Center for Snow and Avalanche Studies

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Colorado Dust-on-Snow (CODOS)
With direct funding support from stakeholders, CODOS monitors the presence/absence of dust layers at 11 mountain pass locations throughout Colorado.

With those data, data from nearby Snotel sites, and weather forecasts, CODOS provides its funders with a series of “Update” analyses of how dust-on-snow is likely to influence snowmelt timing and rates during the snowmelt runoff season.

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     CODOS Updates > April 10-13 Tour Summary

CODOS Update - Second complete CODOS circuit completed

Greetings from Silverton on Monday afternoon, April 15 (tax day) -

CSAS's CODOS team has completed a full set of Updates for all ten CODOS sites, and for Senator Beck Basin, following our completion of a complete circuit of the sites last weekend.  

This CODOS circuit followed closely on the heels of dust-on-snow event D6, on April 8, 2013.  Our hope was to observe D6, where present, at the snowpack surface. Unsettled weather and new snow thwarted that kind of large-scale observation of D6, but our ten snow profiles served to verify that D6 did, in fact, fall at all those sites and on adjoining terrain, from Wolf Creek Pass to Willow Creek Pass and points between.  Intensity of that D6 deposition did vary, from very weak (at Berthoud Summit) to strong or very strong (at most of our western and southern sites).  Even in the absence of additional dust that D6 layer will have snowmelt effects ranging from severe (San Juan Mountains) to moderate (Front Range and Northern Mountains), accelerating snowmelt rates and advancing the ablation of this year's sub-par snowcover statewide.  Unfortunately, we've already logged a subsequent D7 and D8 is in progress as of this writing.  At this juncture of Spring 2013, we seem likely to experience additional dust-on-snow depositions as any significant weather systems traverses the Colorado Plateau en route to the Colorado mountains, whether wet, with precipitation, or simply as a dry system only generating wind.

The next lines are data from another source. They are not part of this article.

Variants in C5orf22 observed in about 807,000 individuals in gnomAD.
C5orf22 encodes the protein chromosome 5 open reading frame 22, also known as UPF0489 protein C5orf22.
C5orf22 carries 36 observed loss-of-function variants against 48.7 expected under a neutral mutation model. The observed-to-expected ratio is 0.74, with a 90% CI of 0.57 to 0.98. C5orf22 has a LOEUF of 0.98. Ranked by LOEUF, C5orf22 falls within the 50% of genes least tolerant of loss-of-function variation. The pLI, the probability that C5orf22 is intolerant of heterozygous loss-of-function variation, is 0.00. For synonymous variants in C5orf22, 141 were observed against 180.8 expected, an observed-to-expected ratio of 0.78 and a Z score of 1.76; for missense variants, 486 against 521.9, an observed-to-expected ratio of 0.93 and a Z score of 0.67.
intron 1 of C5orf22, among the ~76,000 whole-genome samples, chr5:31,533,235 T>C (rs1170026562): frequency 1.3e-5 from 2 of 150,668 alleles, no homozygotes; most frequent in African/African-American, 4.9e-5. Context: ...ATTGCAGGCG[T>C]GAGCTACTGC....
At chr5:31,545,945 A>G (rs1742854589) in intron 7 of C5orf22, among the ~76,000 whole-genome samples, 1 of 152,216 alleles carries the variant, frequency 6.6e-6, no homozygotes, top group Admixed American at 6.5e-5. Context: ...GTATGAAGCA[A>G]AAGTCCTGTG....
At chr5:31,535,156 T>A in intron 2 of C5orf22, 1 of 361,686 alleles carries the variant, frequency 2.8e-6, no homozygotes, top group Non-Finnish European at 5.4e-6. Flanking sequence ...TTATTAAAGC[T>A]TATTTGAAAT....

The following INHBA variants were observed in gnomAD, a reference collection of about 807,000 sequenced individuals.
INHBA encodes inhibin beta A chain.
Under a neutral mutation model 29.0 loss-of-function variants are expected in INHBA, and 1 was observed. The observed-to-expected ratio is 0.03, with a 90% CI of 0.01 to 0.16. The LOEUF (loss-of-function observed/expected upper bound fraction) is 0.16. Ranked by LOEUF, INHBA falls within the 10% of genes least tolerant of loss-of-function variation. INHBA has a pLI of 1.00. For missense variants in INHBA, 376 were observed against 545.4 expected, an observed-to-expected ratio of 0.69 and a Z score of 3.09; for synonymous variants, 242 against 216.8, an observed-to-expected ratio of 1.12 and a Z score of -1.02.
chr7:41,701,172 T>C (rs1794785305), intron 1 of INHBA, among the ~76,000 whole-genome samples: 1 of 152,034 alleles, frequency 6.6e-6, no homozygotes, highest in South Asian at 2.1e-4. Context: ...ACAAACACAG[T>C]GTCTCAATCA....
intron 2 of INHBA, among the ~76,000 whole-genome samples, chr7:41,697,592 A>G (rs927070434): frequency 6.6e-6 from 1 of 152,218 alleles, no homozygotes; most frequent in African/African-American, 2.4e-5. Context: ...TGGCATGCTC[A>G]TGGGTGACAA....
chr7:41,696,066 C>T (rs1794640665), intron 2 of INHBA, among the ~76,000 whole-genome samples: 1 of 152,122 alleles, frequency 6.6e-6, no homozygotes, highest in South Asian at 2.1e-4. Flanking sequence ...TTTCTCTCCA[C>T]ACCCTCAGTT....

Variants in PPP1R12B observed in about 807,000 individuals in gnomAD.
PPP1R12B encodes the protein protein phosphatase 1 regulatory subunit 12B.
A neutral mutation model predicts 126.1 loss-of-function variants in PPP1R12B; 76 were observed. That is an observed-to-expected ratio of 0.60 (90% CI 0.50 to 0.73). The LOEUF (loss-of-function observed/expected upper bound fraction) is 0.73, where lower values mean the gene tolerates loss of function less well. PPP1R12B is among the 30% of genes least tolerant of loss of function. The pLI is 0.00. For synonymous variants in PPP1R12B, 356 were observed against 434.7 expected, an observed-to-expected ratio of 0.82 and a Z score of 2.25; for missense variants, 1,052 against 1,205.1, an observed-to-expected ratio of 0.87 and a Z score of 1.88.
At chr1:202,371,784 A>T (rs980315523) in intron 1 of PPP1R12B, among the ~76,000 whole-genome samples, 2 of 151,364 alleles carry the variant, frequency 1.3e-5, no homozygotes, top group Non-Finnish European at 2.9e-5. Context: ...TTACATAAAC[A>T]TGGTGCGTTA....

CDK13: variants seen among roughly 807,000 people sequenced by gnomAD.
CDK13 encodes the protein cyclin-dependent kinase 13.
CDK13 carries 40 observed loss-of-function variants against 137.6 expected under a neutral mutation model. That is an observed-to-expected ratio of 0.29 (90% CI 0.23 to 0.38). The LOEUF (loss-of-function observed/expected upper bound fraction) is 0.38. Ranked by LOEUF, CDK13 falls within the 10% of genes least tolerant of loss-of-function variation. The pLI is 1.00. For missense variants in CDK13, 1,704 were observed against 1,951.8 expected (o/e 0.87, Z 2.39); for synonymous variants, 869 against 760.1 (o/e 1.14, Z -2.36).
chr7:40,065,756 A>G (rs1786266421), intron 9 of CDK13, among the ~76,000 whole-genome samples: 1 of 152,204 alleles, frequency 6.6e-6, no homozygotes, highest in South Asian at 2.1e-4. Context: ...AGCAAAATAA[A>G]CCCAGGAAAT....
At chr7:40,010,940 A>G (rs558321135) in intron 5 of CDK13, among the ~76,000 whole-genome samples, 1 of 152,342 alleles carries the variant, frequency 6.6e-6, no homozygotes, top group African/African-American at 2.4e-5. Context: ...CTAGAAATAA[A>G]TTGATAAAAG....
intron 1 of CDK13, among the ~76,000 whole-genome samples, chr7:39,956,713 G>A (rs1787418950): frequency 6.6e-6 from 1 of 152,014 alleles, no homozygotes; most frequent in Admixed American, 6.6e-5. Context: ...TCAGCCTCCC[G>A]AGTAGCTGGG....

Some CODOS sites are rapidly approaching "snow all gone" (SAG) but others have yet to even become isothermal ... elevation still matters!  We anticipate at least one additional circuit of our ten 'remote' CODOS sites in early May and, of course, will sustain our intensive monitoring at Senator Beck Basin in the interim.  For those inclined to view a natural disaster as "interesting", a trip to the San Juan Mountains later this spring, and witnessing the impact of D6 (and its compatriots) on our snowcover first hand, may be a worthy busman's holiday.  If your travel funds have been sequestered, we will provide photographs as an alternative ...

Updates by Site:

Berthoud Summit (April 12)  |  Grand Mesa (April 11)  |   Grizzly Peak (April 13)  |  Hoosier Pass (April 13)
McClure Pass (April 13)  |  Park Cone (April 11)  |  Rabbit Ears Pass (April 12) |  Senator Beck Basin (April 10)
Spring Creek Pass (April 12)  |  Willow Creek Pass (April 12)  |  Wolf Creek Pass (April 12)

More soon,

Chris Landry, Executive Director
Center for Snow and Avalanche Studies
PO Box 190, Silverton, CO 81433 USA
(970) 387-5080